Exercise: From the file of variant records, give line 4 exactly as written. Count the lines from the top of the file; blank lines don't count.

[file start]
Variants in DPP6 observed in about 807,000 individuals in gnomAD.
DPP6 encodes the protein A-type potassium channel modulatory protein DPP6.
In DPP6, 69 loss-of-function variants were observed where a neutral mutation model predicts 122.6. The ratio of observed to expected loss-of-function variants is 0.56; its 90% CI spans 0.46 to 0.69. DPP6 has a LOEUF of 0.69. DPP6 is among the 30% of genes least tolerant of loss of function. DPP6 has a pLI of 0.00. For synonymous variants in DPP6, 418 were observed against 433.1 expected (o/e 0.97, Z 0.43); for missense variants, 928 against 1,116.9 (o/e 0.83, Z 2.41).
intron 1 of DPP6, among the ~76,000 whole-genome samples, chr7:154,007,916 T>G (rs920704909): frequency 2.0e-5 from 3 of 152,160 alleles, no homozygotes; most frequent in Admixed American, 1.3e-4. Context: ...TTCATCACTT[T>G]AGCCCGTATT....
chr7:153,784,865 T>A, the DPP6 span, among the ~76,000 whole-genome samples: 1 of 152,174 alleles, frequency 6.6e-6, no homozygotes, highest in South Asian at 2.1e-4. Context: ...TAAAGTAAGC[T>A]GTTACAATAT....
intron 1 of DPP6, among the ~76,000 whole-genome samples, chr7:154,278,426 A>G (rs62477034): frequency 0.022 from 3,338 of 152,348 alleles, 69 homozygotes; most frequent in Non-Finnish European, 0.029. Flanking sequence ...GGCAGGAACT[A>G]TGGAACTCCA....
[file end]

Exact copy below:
intron 1 of DPP6, among the ~76,000 whole-genome samples, chr7:154,007,916 T>G (rs920704909): frequency 2.0e-5 from 3 of 152,160 alleles, no homozygotes; most frequent in Admixed American, 1.3e-4. Context: ...TTCATCACTT[T>G]AGCCCGTATT....